After the eruption in 2000, the magma pressure in Mount Hekla increased and had reached the previous peak in 2006. It must be assumed that the magma pressure was sufficient by then to trigger a new eruption. For the next years, the magma pressure inside Hekla has surpassed this value. Even the latest measurement revealed in June 2015 confirms that the pressure has increased.
There are, however, no particular indications that an eruption is imminent. The Hekla volcano may inflate this way for many more decades without erupting. There is no method that can predict the timing of the next eruption.
However, based on previous activities, it is highly likely that the Hekla volcano may not erupt until ½ to 1 ½ hour before the magma reaches the surface. Everything depends on the circumstances, whether or not to issue a warning before the next eruption.
Hekla eruption history
Before the beginning of the 1100th century, Icelandic volcanoes remained mostly dormant. But Mount Hekla unleashed its wrath in 1104, eliciting widespread panic from citizens. Early Icelandic settlers started to believe that Hekla was “The Gateway to Hell,” and the projectile fragments it let out were doomed spirits.
Not to forget, they thought the whistles of the blazing fragments were the screams of all those helpless souls. Mount Hekla was also identified as the home of witches, trolls, and black magicians.
Recent research into the debris from the Hekla volcano revealed old pyroclastic flows. Not only can the Hekla volcano release fire fountains and burning rocks, but also catastrophic pyroclastic flows. An example of this is the major Hekla eruption that took place in 1693, which produced both lahar flows and a devastating tsunami.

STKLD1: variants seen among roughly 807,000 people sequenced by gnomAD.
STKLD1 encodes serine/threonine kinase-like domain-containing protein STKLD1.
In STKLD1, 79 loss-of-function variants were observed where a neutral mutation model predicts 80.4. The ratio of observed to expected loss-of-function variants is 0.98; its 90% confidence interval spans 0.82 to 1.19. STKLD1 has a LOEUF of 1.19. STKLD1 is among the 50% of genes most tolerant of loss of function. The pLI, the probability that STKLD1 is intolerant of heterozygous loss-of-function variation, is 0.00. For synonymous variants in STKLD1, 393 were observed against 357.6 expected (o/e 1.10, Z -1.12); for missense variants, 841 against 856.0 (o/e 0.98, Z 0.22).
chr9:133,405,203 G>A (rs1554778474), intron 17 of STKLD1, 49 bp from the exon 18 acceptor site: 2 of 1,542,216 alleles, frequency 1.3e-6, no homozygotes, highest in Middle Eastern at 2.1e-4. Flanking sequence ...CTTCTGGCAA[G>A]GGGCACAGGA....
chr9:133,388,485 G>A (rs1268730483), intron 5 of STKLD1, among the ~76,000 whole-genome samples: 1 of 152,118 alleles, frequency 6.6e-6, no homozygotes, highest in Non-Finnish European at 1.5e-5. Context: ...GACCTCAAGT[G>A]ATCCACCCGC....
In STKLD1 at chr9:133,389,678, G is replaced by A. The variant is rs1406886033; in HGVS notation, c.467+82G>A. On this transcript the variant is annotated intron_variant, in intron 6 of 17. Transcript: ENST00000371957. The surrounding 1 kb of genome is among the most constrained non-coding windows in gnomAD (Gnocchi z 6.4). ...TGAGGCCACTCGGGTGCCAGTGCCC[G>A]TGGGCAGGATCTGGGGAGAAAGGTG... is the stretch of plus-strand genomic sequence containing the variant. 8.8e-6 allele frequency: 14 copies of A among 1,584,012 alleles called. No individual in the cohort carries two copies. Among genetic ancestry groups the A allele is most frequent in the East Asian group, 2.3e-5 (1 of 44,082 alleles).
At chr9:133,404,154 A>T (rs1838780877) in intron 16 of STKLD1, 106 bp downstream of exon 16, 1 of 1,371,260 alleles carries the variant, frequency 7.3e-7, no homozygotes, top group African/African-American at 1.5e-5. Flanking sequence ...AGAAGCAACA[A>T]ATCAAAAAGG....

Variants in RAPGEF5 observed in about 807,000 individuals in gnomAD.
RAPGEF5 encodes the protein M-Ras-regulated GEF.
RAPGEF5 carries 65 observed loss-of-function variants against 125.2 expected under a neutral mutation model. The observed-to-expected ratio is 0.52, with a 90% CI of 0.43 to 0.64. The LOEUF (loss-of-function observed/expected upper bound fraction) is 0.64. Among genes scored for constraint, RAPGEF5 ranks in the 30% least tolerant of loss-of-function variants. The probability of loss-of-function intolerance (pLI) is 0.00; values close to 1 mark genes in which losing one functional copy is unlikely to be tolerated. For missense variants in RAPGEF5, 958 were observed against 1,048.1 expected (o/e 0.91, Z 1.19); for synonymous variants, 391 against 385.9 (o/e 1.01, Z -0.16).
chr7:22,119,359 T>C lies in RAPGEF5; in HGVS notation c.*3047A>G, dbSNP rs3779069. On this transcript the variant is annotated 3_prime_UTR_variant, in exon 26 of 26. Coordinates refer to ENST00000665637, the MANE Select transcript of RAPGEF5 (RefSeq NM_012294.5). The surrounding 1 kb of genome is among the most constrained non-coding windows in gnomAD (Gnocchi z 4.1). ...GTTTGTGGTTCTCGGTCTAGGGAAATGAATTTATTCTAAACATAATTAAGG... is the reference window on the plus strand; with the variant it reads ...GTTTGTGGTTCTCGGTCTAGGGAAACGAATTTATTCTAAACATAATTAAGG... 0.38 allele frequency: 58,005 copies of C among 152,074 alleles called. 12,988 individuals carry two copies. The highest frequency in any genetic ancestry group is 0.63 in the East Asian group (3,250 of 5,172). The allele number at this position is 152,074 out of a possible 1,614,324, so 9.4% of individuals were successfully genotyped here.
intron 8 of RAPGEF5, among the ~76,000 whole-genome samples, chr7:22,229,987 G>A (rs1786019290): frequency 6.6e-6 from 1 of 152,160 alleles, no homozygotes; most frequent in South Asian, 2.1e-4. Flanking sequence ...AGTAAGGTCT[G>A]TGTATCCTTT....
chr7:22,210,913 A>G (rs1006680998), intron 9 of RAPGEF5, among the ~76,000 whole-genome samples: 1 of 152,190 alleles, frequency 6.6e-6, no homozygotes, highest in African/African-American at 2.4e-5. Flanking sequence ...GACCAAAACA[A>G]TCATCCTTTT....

In 2000, Mount Hekla was going through a VEI 3 eruption, which is comparatively smaller than its bigger eruptions. It produced an ash plume that went up to 15 km, traveling north across the country. During this Hekla eruption, a NASA airplane happened to accidentally fly over the plume, marking the first-ever recorded measurement of a volcanic plume. The plane’s engine sustained significant damage because of the ash, but scientists got an idea of the temperature and sulfur dioxide levels in the plume of the Hekla volcano.
Since then, many technological developments have allowed scientists to safely measure the levels of gas and temperature in Hekla’s ash plumes.
Hekla landscape from Lava Centre
Hekla Iceland is part of a vast volcanic ridge, stretching about 25 miles (40 km) in length. Heklugjá, a rift measuring about 3.4 miles (5.5 km) in length, is believed to be in the core of Hekla.
Mount Hekla appears like an overturned boat, with its series of craters representing the keel, two of which are usually the most eruptive of all.
Hekla lava hails from a morphological type crossed between a crater row and stratovolcano, which is formed from mixed lava and tephra eruptions. It is located in the area where the Eastern Volcanic Zone and the South Iceland Seismic Zone conjoin. The unconventional form of Hekla is seen on very few famous volcanoes around the globe, like Callaqui in Chile.
When not erupting, Mount Hekla is often draped in snow and flushed by tiny glaciers. The Hekla Volcano hike (takes about 8 hours) is a popular tourist activity that welcomes intrepid travelers to soak in the region’s beauty. While there are plenty of hiking trails at the Fjallabak Nature Reserve, the way up is partially marked. So, a guided tour with the proper equipment and safety instructions becomes necessary for crossing the snowfields.